Citation: Bryce J, RMM Working Group (2016) “Real-Time” Monitoring of Under-Five Mortality: A Vision Tempered by Reality. PLoS Med 13(1): e1001912. https://doi.org/10.1371/journal.pmed.1001912
Published: January 25, 2016
Copyright: © 2016 Jennifer Bryce. This is an open access article distributed under the terms of the Creative Commons Attribution License, which permits unrestricted use, distribution, and reproduction in any medium, provided the original author and source are credited
Funding: The RMM project was funded by Foreign Affairs, Trade and Development Canada (http://www.international.gc.ca/international/index.aspx?lang=eng) through the Real-Time Results Tracking grant (#7056791) under the Catalytic Initiative to Save a Million Lives. The funders had no role in the study design, data collection and analysis, decision to publish, or preparation of the manuscript.
Competing interests: The authors have declared that no competing interests exist.
Provenance: Not commissioned; not externally peer-reviewed.
- Civil registration and vital statistics (CRVS) systems have emerged as a major priority in the post-2015 development agenda, largely based on their assumed potential to generate population data for use in guiding investments and managing programs in low-income countries.
- The evidence base on how best to design, implement, and sustain such systems is weak, especially for mortality statistics. There are global calls for new research and analysis to inform the CRVS agenda, whether the results are positive or negative.
- The Real-Time Monitoring of Under-Five Mortality (RMM) project aimed to develop and test methods for producing estimates of child mortality for recent periods of one year or less. Three broad approaches were assessed: community-based reporting of vital events; calibration of facility data to represent deaths in the population; and rapid survey methods.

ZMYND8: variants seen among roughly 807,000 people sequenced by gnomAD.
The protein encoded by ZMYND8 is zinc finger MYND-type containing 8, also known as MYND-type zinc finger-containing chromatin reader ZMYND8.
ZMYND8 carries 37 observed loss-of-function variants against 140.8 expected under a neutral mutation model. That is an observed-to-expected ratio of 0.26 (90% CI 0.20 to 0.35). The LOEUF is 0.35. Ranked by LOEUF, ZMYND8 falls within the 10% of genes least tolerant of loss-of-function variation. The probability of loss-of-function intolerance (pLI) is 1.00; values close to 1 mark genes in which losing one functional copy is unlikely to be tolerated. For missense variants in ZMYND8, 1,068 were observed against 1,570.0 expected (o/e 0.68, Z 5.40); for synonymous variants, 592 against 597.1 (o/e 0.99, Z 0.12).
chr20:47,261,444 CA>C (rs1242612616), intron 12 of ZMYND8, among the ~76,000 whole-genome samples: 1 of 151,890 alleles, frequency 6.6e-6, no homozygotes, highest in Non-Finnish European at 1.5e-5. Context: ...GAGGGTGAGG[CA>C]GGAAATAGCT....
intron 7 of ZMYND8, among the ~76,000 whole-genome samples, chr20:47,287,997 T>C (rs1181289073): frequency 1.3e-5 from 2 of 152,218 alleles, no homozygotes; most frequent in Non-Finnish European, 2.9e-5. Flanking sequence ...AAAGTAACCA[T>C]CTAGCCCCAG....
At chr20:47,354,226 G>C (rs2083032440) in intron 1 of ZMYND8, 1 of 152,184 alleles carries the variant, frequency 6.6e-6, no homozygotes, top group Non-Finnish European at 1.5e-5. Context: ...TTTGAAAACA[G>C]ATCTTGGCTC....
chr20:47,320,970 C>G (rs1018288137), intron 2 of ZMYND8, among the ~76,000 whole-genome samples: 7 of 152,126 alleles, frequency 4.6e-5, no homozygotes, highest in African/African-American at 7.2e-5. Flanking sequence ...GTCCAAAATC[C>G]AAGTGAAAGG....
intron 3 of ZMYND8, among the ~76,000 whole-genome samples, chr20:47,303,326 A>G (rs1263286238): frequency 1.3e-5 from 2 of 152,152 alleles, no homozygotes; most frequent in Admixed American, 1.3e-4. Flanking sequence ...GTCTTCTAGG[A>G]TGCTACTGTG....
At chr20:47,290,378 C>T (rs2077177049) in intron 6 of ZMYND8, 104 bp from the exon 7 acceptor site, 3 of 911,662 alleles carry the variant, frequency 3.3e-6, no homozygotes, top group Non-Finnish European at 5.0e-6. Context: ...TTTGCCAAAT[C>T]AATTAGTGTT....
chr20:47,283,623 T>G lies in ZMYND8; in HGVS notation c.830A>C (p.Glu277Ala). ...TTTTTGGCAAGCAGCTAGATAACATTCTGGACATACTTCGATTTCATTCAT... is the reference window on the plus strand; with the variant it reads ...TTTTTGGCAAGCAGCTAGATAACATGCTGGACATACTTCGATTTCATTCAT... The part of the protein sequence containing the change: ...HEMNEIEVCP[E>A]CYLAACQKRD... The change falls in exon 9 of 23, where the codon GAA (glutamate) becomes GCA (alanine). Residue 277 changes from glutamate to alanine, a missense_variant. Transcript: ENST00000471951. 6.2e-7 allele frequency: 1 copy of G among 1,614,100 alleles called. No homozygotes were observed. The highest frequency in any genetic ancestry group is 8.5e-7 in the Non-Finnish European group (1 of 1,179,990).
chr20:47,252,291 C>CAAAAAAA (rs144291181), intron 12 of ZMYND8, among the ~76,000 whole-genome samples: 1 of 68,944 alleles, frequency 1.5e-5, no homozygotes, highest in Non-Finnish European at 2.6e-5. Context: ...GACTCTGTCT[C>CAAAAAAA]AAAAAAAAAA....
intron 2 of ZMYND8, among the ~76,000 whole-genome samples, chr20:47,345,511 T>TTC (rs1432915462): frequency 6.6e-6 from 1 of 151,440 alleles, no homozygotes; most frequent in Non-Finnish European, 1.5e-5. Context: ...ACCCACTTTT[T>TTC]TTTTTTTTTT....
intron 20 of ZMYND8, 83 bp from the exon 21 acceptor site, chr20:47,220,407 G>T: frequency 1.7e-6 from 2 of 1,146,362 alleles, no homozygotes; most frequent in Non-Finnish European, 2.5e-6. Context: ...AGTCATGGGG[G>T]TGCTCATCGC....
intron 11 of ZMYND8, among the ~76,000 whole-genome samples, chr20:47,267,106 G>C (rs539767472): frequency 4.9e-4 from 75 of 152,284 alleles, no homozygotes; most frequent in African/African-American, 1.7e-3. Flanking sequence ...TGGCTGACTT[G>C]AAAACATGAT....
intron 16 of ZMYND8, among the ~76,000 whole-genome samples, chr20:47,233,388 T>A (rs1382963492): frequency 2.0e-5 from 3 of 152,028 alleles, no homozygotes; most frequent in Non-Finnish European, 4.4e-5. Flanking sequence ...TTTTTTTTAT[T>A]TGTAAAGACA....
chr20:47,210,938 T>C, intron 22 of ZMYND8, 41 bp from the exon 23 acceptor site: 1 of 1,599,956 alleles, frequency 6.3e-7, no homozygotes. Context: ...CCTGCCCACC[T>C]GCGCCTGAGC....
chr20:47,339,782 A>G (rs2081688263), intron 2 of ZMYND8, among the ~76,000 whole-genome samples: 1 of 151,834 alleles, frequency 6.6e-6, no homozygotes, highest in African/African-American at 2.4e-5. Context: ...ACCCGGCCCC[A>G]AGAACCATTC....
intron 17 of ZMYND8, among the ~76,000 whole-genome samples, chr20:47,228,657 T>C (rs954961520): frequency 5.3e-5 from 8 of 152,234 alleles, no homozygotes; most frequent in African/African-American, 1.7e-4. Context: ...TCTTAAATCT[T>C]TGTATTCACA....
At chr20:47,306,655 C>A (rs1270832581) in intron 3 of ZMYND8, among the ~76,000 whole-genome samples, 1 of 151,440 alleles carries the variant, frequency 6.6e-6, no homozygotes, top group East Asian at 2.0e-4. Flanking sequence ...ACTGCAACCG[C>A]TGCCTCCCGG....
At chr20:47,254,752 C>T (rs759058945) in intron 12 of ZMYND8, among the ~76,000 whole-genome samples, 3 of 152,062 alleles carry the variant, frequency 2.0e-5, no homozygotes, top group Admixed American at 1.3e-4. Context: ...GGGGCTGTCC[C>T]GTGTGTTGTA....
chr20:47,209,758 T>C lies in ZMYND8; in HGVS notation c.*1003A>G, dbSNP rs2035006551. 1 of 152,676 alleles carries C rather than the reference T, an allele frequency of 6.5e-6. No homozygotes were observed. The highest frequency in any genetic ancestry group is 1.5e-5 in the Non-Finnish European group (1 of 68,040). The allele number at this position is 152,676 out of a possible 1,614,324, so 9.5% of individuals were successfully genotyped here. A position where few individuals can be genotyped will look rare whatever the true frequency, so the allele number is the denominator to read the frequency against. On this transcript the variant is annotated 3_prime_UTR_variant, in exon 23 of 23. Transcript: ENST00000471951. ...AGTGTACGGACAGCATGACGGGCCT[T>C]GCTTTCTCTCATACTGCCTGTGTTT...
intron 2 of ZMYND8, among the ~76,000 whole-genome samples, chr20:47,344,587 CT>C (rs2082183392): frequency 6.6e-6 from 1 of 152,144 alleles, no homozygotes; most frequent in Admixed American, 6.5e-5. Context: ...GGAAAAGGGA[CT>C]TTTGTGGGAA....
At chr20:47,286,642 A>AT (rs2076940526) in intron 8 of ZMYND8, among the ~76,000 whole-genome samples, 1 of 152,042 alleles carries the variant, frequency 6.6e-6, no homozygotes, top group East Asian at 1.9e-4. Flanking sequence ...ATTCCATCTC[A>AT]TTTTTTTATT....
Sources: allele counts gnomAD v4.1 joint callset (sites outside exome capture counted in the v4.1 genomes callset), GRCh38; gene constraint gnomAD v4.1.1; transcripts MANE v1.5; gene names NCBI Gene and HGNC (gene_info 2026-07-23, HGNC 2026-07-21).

- Between 2008 and 2013, we applied and rigorously evaluated at least two of these approaches in each of five countries in sub-Saharan Africa: Ethiopia, Ghana, Malawi, Mali, and Niger.
- The RMM project, reported here as the PLOS Collection on RMM, has generated an important body of evidence that can inform efforts to strengthen CRVS in low-income countries and provides a foundation for continuing CRVS implementation research.
Strengthening civil registration and vital statistics (CVRS) systems in low-income countries is a central component of emerging plans for the post-2015 development agenda , and a major investment area for key global health and development funders . A dominant theme in the investment case for CRVS is the potential of such systems to generate valid and timely population data to support sound program planning, management, and evaluation.
Can CRVS systems fulfill this promise and produce population data of adequate quality to support policy and program decisions? Few formal studies have addressed this question, and global leaders have called urgently for new evidence to inform the CRVS agenda [3,4]. The PLOS Collection on Real-Time Monitoring of Under-Five Mortality (RMM) contributes to this process by reporting on a seven-year program of work in five countries in sub-Saharan Africa that aimed to develop and test methods for generating annual estimates of under-five mortality, a key measure for health investments, for recent periods.